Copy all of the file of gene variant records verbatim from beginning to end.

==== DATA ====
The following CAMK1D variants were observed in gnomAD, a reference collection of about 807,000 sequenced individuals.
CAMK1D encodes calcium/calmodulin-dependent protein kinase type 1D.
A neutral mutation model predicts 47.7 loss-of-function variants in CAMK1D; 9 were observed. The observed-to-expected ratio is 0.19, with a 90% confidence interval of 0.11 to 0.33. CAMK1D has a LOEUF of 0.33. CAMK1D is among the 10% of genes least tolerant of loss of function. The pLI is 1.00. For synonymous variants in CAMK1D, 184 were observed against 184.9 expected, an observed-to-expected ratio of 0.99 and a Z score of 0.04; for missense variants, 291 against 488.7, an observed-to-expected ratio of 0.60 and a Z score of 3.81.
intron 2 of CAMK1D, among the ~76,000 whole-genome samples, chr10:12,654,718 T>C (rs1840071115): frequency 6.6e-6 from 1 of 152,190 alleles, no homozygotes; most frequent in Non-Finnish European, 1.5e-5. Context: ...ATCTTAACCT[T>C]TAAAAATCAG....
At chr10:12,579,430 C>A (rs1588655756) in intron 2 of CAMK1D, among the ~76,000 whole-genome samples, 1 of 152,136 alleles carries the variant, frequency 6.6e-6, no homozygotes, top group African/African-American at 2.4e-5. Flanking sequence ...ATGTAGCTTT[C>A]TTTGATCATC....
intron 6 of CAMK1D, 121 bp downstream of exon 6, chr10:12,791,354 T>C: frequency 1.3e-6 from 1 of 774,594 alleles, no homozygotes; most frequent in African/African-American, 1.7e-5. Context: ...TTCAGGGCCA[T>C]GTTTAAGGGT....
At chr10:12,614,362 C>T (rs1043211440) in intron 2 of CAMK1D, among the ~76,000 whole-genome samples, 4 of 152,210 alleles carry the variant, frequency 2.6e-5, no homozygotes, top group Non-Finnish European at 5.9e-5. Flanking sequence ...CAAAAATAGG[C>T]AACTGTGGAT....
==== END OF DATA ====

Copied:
The following CAMK1D variants were observed in gnomAD, a reference collection of about 807,000 sequenced individuals.
CAMK1D encodes calcium/calmodulin-dependent protein kinase type 1D.
A neutral mutation model predicts 47.7 loss-of-function variants in CAMK1D; 9 were observed. The observed-to-expected ratio is 0.19, with a 90% confidence interval of 0.11 to 0.33. CAMK1D has a LOEUF of 0.33. CAMK1D is among the 10% of genes least tolerant of loss of function. The pLI is 1.00. For synonymous variants in CAMK1D, 184 were observed against 184.9 expected, an observed-to-expected ratio of 0.99 and a Z score of 0.04; for missense variants, 291 against 488.7, an observed-to-expected ratio of 0.60 and a Z score of 3.81.
intron 2 of CAMK1D, among the ~76,000 whole-genome samples, chr10:12,654,718 T>C (rs1840071115): frequency 6.6e-6 from 1 of 152,190 alleles, no homozygotes; most frequent in Non-Finnish European, 1.5e-5. Context: ...ATCTTAACCT[T>C]TAAAAATCAG....
At chr10:12,579,430 C>A (rs1588655756) in intron 2 of CAMK1D, among the ~76,000 whole-genome samples, 1 of 152,136 alleles carries the variant, frequency 6.6e-6, no homozygotes, top group African/African-American at 2.4e-5. Flanking sequence ...ATGTAGCTTT[C>A]TTTGATCATC....
intron 6 of CAMK1D, 121 bp downstream of exon 6, chr10:12,791,354 T>C: frequency 1.3e-6 from 1 of 774,594 alleles, no homozygotes; most frequent in African/African-American, 1.7e-5. Context: ...TTCAGGGCCA[T>C]GTTTAAGGGT....
At chr10:12,614,362 C>T (rs1043211440) in intron 2 of CAMK1D, among the ~76,000 whole-genome samples, 4 of 152,210 alleles carry the variant, frequency 2.6e-5, no homozygotes, top group Non-Finnish European at 5.9e-5. Flanking sequence ...CAAAAATAGG[C>T]AACTGTGGAT....